Growth hormone (HGH in people), is not based on time of day, but instead, how many hours you sleep every day. Growth hormone promotes muscle growth, so getting a good long night sleep will certainly help.  Effects of growth hormone are typically described as anabolic, or building up.  When children grow suddenly, it is the effects of HGH.


Testosterone is the principle male sex hormone, but is also produced in the ovaries of females.  It is responsible for bone density, bone maturation, and muscle mass production, which is why steroids work so well. Testosterone levels peak in the morning, which means it is best to workout in the morning for both fat loss and muscle building.

Next, let’s look at two important parts of physical fitness.


More strength for lifting means more muscle stimulation, which means more growth. As a result, your strength levels are an important factor if you want to build muscle, considerably less if you want to lose fat.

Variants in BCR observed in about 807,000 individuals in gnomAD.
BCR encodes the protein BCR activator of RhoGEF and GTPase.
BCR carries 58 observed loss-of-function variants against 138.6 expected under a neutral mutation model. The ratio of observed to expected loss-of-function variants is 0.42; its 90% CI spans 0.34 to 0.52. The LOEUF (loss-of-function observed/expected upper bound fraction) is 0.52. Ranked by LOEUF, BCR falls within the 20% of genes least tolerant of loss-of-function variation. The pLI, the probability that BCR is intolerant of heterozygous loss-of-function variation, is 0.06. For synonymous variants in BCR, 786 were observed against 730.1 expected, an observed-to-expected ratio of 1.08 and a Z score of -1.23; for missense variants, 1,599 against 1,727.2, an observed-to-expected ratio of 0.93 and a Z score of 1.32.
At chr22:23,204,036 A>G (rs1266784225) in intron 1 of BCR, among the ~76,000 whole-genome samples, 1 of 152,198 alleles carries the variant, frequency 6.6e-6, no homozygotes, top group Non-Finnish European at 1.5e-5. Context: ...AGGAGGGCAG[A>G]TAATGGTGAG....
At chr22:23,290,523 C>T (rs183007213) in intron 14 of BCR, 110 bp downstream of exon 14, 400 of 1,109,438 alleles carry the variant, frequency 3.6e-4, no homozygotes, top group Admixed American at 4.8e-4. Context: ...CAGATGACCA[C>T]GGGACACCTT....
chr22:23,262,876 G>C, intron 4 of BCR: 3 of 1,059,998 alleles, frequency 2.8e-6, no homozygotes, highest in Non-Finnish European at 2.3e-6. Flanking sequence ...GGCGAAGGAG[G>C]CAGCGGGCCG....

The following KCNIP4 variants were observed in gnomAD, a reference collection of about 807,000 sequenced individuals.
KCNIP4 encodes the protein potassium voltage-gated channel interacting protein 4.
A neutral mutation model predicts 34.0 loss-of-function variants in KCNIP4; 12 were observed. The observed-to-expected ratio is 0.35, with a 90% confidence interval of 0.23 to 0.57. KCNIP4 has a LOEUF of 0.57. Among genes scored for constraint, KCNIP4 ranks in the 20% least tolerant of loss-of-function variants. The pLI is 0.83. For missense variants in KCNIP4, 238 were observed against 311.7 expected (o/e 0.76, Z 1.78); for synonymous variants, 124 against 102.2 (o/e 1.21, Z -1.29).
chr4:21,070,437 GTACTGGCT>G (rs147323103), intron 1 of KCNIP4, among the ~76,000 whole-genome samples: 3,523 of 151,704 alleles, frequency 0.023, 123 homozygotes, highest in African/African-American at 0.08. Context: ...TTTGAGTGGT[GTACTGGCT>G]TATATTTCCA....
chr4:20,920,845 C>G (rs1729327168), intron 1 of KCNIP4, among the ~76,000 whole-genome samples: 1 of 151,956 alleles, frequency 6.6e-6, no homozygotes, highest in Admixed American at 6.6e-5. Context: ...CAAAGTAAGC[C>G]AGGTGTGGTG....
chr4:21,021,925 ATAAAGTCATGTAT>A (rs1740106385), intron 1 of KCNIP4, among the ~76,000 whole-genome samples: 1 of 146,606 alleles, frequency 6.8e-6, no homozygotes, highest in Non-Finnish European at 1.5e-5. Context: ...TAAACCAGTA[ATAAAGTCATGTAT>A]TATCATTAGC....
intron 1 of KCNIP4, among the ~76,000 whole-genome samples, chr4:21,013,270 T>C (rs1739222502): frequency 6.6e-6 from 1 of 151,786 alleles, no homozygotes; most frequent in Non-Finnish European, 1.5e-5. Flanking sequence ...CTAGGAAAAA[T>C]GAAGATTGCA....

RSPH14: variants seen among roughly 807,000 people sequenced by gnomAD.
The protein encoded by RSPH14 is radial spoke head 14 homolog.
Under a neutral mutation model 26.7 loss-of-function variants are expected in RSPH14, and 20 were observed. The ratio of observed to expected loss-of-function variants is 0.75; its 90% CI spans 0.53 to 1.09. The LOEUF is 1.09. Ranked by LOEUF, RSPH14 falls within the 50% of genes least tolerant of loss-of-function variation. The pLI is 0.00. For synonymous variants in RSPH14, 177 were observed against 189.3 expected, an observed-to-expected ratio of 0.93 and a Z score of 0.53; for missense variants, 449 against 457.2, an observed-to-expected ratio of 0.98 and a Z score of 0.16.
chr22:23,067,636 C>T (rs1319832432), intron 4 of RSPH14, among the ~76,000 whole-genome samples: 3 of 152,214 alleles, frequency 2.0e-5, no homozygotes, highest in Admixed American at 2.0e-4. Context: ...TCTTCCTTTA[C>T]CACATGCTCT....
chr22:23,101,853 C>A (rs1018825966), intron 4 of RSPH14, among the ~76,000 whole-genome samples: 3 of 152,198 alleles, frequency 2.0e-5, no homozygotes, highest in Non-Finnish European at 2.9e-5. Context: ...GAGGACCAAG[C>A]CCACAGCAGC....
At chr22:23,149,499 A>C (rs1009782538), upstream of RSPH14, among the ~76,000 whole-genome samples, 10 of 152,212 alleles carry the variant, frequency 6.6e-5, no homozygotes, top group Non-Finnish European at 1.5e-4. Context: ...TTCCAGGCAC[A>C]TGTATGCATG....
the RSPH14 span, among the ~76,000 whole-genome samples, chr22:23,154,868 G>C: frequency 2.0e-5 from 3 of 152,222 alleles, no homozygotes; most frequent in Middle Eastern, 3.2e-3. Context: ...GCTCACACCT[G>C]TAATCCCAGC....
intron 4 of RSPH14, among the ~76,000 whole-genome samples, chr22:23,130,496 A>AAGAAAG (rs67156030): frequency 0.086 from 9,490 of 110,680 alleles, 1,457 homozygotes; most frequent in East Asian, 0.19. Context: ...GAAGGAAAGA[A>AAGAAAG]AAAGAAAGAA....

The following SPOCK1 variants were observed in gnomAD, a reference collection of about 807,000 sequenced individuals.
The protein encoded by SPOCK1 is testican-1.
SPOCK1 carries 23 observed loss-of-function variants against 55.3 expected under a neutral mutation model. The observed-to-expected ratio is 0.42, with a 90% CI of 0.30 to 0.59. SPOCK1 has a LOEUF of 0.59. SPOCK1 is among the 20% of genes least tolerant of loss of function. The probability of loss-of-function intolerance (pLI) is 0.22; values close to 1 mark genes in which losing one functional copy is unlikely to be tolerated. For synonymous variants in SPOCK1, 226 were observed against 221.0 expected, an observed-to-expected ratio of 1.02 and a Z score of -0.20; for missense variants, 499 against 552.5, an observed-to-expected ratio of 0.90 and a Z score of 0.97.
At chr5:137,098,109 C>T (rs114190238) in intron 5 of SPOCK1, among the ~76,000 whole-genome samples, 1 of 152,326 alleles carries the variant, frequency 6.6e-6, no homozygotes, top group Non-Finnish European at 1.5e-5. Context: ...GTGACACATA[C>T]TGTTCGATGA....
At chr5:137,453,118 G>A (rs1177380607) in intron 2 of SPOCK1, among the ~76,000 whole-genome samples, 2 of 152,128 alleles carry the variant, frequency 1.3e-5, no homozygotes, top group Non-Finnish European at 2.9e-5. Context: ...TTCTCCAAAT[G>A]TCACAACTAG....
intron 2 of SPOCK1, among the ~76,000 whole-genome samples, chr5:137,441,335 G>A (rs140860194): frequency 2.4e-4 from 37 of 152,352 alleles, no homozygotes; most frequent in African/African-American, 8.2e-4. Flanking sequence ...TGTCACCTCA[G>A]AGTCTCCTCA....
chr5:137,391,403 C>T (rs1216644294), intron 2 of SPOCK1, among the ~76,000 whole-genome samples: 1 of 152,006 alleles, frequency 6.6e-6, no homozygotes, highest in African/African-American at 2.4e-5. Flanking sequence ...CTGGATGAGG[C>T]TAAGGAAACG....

Flexibility is also important for muscle building because more flexibility means less chance of injury and larger range of motion, which both mean more muscle mass.  Flexibility is less important for burning fat.  Strength and flexibility peak during the late afternoon.

Athletes seem to perform best in the late afternoon, when strength, body temperature and flexibility peak.

Now, we address the time of day when one might workout.